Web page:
Thai Government Faces Growing Pressure From Pro-Weed Groups

The government is currently under mounting pressure from pro-cannabis groups that are threatening to demonstrate at the Ministry of Public Health starting Thursday. They demand the ministry justify why cannabis should be reclassified as a narcotic drug.

Concurrently, groups of farmers, who have been cultivating cannabis since before its decriminalization in 2022, expressed their support on Sunday for the government’s intention to label cannabis as a narcotic once more.

These farmers argue that the legalization of cannabis farming has caused a dramatic drop in its market price due to an excessive supply, reversing the previous tight regulations.

When pro-cannabis advocates gather at the ministry, they will present a singular demand: the ministry must scientifically validate the health benefits and risks of cannabis compared to those of alcohol and tobacco, according to Mr. Prasitchai Nunual, the secretary-general of the Cannabis Future Network.

Regardless of whether the reclassification of cannabis as a narcotic is partial or complete, Mr. Prasitchai insists that it should be grounded in scientific proof.

The ministry has been given a 15-day deadline to substantiate its stance, after which, if convincing, the pro-cannabis groups will accept the ministry’s decision to categorize cannabis as a narcotic again.

“Just search on the internet and you will find that [unlike alcohol and tobacco], there have been no research which show cannabis has a serous negative impact on mental health,” he stated

“On the other hand, there are countless studies which demonstrate the health benefits of cannabis, which are sufficient to conclude that cannabis plants have medicinal properties,” he added.

Mr. Prasitchai noted that reports indicate a tenfold increase in cannabis abuse among youth since its decriminalization by the previous government. He emphasized that his network has consistently advocated for stricter regulations to control cannabis usage more effectively.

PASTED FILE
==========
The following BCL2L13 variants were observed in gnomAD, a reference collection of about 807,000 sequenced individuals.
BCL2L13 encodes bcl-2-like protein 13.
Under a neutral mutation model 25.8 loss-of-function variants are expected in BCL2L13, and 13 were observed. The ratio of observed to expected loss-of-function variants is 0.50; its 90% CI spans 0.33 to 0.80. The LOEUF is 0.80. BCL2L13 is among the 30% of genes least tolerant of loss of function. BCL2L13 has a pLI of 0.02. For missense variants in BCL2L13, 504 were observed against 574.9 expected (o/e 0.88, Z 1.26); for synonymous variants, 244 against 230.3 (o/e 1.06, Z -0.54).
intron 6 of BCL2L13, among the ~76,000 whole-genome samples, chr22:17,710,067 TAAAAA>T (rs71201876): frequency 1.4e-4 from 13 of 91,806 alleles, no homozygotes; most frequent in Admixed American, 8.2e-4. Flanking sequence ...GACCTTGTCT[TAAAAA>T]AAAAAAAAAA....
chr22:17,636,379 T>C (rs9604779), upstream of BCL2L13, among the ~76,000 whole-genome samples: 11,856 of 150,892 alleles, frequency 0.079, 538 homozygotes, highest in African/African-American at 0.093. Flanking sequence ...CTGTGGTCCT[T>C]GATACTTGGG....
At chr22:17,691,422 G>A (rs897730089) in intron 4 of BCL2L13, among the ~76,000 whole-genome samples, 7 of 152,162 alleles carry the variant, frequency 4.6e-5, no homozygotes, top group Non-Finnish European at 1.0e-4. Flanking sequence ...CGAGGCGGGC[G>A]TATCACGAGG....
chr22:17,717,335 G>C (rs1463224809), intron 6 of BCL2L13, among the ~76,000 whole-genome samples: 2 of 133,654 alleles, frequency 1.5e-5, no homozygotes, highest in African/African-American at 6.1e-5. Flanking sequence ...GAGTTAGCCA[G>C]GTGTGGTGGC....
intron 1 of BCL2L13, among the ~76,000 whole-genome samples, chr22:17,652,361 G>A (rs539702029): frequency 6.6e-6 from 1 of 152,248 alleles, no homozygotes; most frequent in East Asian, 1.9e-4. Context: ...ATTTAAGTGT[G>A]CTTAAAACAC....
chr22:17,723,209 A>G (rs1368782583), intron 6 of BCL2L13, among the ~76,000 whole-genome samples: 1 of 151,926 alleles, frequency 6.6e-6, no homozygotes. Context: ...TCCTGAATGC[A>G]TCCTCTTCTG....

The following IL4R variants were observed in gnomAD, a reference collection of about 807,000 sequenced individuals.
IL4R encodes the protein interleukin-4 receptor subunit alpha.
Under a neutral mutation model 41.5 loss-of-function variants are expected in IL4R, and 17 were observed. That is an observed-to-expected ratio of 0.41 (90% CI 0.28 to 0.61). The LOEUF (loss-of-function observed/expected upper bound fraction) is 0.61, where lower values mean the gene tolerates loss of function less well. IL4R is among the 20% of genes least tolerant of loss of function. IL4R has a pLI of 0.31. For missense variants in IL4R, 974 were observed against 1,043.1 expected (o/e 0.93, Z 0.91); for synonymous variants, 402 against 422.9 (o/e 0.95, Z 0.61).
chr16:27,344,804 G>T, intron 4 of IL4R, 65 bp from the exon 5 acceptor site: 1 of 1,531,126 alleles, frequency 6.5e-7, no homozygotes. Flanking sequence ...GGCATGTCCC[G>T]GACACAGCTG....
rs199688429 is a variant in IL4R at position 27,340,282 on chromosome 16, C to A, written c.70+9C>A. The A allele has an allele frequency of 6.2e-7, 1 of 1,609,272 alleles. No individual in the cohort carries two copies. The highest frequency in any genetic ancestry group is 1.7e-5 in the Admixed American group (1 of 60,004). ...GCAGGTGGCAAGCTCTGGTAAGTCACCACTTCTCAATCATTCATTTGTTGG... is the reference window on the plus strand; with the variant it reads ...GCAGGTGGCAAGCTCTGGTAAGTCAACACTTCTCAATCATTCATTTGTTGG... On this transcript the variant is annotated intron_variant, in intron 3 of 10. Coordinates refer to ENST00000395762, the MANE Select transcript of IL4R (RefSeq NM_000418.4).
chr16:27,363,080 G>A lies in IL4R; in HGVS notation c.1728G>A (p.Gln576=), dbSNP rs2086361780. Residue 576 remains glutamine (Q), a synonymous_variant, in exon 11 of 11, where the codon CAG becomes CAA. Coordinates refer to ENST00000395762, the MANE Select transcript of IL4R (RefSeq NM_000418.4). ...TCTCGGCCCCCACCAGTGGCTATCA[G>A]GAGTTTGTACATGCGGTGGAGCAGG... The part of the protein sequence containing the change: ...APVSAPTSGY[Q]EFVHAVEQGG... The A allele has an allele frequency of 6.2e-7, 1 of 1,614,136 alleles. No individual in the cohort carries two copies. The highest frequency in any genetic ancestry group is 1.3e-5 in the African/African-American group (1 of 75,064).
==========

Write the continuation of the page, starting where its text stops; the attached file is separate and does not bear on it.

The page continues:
“We’ve been fighting for this law for two years since the Prayut Chan-o-cha administration; but the required law will never be passed for various political reasons,” he explained.

It is ironic that while the current government has eased regulations on alcohol sales and consumption, it is seeking to impose stricter controls on cannabis, he said.

Prime Minister Srettha Thavisin hinted that the government might still permit the use of cannabis strictly for medical purposes even if it is reclassified as a narcotic. Public Health Minister Somsak Thepsuthin will provide further details on this matter, Mr. Srettha mentioned.

Although intent on reclassifying cannabis as a narcotic, the government will consider all viewpoints before the Narcotics Control Board makes the final decision, he affirmed.

Montri Yiamsung-noen, president of the Rak Kan community enterprise network in tambon Nong Bua Sala of Muang district in Nakhon Ratchasima, expressed support for the government’s new policy direction.

Following the government’s decision to deregulate, over 90% of the farmland owned by the 435 network members now lies unused, as cannabis prices have collapsed due to excessive supply.

A representative from a similar cannabis-growing enterprise in Sakhon Nakhon shared the same view, noting a dramatic price drop from 10,500 baht per kilogram before decriminalization to merely 5 to 10 baht now, with tons of harvested cannabis still unsold.

Deputy Prime Minister and Interior Minister Anutin Charnvirakul stated that a thorough study will be conducted and reviewed by two to three panels before any decision on cannabis’s legal status is finalized.

Mr. Anutin, leader of the Bhumjaithai Party, was instrumental in promoting cannabis decriminalization during the previous administration.